- 8am-Noon at Greenwood Commons 5410 Highway 55 Durham, NC 27713
- Education by Kelly McMullen on GMos
- Music by Victoria Petermann on guitar with vocals
- In season: squash, carrots, potatoes, greens, radishes, onions, garlic, broccoli and more!
The Farmers' Plot
While we may be enjoying the fruits of the autumn harvest and are ready to let our clocks fall back this weekend, farmers are springing ahead, preparing now for crops that won’t be realized until April or later. They have been busy all October restoring their soil, planting fruits and vegetables for overwintering and sowing cover crops. And, all this work needs to get done before the ground begins to frost regularly.
The land has been providing nutrients all spring and summer to feed the hungry tomatoes, peppers, squash, and other ravenous warm weather plants. In order to do it all over again next year, the tilth of the soil needs to be restored. Our farmers are adding lots of mulched organic matter consisting of shredded vegetation, manure, compost and even fallen leaves. Mulch enriches the soil with nutrients like phosphorus and nitrogen, increases soil moisture and creates a hospitable environment for beneficial microbes. As they mulch, the farmers are rebuilding and tidying their raised beds, making sure the soil is not too compact and remains properly aerated.
Once their rows are ready, farmers plant crops that can overwinter, ensuring that they will have fruits and vegetables ready for market in early spring. Down 2 Earth and Vollmer Farm have already been energetically planting their strawberries for next year. Our floral vendors, like Sassafras Fork and McAdams, are also occupied with spring planning. They must inter their flowering bulbs before the ground is too hard for the bulb to develop a root system. Parker Farm & Vineyard and Open Door Farm are doing the same with their garlic cloves and onions.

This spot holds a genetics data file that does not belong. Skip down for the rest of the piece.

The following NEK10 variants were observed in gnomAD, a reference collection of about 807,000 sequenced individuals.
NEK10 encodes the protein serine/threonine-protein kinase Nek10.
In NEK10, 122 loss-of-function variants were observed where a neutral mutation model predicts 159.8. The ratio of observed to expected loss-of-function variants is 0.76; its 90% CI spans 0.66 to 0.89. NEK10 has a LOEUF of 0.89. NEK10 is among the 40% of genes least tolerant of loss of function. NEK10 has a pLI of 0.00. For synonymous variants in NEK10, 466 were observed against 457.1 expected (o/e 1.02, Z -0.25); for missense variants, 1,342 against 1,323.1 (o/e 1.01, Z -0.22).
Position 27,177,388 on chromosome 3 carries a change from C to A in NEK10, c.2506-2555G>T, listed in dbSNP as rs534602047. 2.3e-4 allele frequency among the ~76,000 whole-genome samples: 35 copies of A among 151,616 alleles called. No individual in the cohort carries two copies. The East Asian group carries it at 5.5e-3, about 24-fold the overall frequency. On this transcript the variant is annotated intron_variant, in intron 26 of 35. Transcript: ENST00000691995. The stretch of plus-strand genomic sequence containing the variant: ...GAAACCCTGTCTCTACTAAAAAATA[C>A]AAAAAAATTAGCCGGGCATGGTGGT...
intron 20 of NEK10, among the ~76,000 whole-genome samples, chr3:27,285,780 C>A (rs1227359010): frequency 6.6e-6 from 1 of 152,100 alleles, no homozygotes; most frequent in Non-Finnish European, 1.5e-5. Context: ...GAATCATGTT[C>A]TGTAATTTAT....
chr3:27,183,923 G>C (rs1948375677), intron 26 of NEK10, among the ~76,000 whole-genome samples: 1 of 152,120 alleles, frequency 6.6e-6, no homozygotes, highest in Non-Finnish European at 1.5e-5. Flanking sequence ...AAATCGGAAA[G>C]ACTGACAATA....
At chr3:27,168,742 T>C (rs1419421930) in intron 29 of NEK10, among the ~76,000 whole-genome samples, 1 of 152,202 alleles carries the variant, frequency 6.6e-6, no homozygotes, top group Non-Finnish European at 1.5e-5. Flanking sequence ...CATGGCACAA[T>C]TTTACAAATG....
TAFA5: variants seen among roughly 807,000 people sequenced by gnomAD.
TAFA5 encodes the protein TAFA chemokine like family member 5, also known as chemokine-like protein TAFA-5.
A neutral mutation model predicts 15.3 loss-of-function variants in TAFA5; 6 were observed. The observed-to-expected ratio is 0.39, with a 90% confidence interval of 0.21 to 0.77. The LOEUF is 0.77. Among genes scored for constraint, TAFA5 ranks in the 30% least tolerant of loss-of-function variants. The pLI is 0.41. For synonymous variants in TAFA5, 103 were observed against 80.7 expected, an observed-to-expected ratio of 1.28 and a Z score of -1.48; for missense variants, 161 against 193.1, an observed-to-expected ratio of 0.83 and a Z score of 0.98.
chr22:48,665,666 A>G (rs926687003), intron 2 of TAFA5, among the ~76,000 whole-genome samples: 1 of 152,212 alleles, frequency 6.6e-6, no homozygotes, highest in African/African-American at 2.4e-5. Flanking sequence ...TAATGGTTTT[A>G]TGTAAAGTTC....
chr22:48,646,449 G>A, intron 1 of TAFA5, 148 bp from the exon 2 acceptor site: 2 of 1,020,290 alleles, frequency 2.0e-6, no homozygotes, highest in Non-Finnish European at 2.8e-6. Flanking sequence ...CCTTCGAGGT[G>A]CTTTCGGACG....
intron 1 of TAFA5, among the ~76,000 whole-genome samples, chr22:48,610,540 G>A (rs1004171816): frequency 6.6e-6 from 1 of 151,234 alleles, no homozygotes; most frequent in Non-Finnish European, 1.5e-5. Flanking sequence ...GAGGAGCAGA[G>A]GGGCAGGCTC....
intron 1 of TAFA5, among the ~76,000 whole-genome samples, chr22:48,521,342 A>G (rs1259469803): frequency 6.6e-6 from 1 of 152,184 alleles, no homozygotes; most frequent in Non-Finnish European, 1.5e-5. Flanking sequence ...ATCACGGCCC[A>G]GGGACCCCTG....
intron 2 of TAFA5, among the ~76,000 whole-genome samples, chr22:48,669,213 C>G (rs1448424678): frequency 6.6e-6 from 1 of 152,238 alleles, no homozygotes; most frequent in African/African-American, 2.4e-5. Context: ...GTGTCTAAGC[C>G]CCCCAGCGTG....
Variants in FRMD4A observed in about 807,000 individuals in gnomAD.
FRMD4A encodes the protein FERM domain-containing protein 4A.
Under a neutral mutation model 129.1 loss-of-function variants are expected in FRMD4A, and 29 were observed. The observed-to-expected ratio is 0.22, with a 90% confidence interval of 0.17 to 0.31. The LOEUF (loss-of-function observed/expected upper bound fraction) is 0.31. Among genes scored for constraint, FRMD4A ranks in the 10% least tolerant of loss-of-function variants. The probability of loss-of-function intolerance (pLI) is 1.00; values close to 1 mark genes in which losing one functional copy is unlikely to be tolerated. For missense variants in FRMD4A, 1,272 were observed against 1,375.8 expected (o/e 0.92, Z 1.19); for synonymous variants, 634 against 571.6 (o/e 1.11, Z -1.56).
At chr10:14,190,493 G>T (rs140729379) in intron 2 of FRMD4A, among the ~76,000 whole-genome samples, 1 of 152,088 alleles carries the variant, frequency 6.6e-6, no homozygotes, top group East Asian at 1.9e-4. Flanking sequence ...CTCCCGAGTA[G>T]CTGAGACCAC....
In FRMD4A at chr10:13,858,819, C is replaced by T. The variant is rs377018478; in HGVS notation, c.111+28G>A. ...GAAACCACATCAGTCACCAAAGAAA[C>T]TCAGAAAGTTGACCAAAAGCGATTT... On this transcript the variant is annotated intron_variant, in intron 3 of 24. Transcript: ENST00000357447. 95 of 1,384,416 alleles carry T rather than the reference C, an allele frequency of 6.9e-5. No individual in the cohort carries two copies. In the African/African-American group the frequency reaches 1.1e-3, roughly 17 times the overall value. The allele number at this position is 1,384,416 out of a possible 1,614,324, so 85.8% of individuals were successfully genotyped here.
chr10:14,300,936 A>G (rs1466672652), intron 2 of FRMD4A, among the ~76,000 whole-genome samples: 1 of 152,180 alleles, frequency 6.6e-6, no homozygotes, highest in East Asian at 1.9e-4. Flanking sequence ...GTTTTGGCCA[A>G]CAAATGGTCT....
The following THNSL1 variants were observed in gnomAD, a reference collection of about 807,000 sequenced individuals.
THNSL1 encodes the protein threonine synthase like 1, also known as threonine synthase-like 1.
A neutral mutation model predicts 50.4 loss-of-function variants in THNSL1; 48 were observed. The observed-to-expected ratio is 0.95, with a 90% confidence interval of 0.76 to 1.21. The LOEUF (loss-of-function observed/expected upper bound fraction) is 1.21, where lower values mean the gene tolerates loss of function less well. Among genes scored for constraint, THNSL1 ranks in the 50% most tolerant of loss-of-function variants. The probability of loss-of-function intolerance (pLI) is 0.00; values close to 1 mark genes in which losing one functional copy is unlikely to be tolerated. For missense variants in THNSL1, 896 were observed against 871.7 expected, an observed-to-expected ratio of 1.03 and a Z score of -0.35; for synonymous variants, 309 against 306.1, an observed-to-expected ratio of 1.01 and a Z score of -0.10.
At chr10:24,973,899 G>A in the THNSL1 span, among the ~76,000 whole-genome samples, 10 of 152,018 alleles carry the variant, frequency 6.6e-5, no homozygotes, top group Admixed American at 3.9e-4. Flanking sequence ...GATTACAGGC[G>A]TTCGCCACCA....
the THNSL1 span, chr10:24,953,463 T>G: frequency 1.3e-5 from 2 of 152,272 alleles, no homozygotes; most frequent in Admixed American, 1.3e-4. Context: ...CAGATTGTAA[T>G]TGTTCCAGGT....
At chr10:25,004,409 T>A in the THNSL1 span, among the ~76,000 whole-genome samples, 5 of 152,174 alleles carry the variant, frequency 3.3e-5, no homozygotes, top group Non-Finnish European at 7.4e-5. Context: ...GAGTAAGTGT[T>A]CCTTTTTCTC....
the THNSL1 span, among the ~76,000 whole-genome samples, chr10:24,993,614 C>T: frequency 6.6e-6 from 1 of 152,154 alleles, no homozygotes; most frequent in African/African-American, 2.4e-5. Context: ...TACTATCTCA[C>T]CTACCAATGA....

And, if there are any unoccupied beds, our farmers have already seeded them with cover crops like clover, rye and oats, which have by now germinated. Cover crops are sometimes intended for consumption, but more often they simply make the nitrogen in the soil more accessible, prevent erosion and reduce weed takeover. Once the farmer is ready to plant again, the cover crop is raked back into the earth, providing one last service as it decomposes and further enriches the soil.
After all this hard work, our farmers still get up early on Saturday and come to market. At least they too will get an extra hour of sleep this weekend.